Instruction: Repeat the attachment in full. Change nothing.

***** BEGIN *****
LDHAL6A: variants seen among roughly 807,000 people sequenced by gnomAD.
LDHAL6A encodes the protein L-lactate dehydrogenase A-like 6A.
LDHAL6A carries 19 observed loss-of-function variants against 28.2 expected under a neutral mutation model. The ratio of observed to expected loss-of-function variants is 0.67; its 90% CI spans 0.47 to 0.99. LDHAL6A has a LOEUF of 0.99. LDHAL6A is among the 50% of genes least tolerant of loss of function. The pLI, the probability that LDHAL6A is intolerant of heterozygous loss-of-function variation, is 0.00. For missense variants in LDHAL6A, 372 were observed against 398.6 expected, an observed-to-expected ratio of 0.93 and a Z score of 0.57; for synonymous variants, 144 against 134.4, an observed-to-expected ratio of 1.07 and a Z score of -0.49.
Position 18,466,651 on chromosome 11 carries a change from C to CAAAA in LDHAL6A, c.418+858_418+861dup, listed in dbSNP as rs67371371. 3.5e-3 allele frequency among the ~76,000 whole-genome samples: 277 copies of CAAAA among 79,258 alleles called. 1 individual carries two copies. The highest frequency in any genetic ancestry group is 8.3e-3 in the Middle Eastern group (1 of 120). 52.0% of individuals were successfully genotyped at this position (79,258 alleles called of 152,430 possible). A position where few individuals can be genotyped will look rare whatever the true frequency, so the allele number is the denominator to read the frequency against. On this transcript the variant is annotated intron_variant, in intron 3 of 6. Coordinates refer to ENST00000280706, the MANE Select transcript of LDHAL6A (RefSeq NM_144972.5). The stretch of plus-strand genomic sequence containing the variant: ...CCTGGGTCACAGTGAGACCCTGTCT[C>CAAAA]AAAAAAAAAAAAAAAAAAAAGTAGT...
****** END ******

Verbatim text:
LDHAL6A: variants seen among roughly 807,000 people sequenced by gnomAD.
LDHAL6A encodes the protein L-lactate dehydrogenase A-like 6A.
LDHAL6A carries 19 observed loss-of-function variants against 28.2 expected under a neutral mutation model. The ratio of observed to expected loss-of-function variants is 0.67; its 90% CI spans 0.47 to 0.99. LDHAL6A has a LOEUF of 0.99. LDHAL6A is among the 50% of genes least tolerant of loss of function. The pLI, the probability that LDHAL6A is intolerant of heterozygous loss-of-function variation, is 0.00. For missense variants in LDHAL6A, 372 were observed against 398.6 expected, an observed-to-expected ratio of 0.93 and a Z score of 0.57; for synonymous variants, 144 against 134.4, an observed-to-expected ratio of 1.07 and a Z score of -0.49.
Position 18,466,651 on chromosome 11 carries a change from C to CAAAA in LDHAL6A, c.418+858_418+861dup, listed in dbSNP as rs67371371. 3.5e-3 allele frequency among the ~76,000 whole-genome samples: 277 copies of CAAAA among 79,258 alleles called. 1 individual carries two copies. The highest frequency in any genetic ancestry group is 8.3e-3 in the Middle Eastern group (1 of 120). 52.0% of individuals were successfully genotyped at this position (79,258 alleles called of 152,430 possible). A position where few individuals can be genotyped will look rare whatever the true frequency, so the allele number is the denominator to read the frequency against. On this transcript the variant is annotated intron_variant, in intron 3 of 6. Coordinates refer to ENST00000280706, the MANE Select transcript of LDHAL6A (RefSeq NM_144972.5). The stretch of plus-strand genomic sequence containing the variant: ...CCTGGGTCACAGTGAGACCCTGTCT[C>CAAAA]AAAAAAAAAAAAAAAAAAAAGTAGT...